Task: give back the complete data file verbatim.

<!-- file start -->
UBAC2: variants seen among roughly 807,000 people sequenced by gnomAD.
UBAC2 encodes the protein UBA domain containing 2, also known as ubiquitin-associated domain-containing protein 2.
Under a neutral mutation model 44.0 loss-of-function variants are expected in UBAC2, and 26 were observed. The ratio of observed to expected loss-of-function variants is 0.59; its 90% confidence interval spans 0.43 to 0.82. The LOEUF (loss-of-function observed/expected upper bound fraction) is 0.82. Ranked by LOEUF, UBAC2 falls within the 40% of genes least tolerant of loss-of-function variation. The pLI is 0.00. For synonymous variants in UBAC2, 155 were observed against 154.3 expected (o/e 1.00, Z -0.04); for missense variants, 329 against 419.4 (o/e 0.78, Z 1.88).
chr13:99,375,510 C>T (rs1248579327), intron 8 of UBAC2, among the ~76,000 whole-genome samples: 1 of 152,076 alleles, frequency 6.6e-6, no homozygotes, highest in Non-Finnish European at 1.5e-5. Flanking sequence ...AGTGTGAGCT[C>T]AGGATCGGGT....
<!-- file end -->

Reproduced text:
UBAC2: variants seen among roughly 807,000 people sequenced by gnomAD.
UBAC2 encodes the protein UBA domain containing 2, also known as ubiquitin-associated domain-containing protein 2.
Under a neutral mutation model 44.0 loss-of-function variants are expected in UBAC2, and 26 were observed. The ratio of observed to expected loss-of-function variants is 0.59; its 90% confidence interval spans 0.43 to 0.82. The LOEUF (loss-of-function observed/expected upper bound fraction) is 0.82. Ranked by LOEUF, UBAC2 falls within the 40% of genes least tolerant of loss-of-function variation. The pLI is 0.00. For synonymous variants in UBAC2, 155 were observed against 154.3 expected (o/e 1.00, Z -0.04); for missense variants, 329 against 419.4 (o/e 0.78, Z 1.88).
chr13:99,375,510 C>T (rs1248579327), intron 8 of UBAC2, among the ~76,000 whole-genome samples: 1 of 152,076 alleles, frequency 6.6e-6, no homozygotes, highest in Non-Finnish European at 1.5e-5. Flanking sequence ...AGTGTGAGCT[C>T]AGGATCGGGT....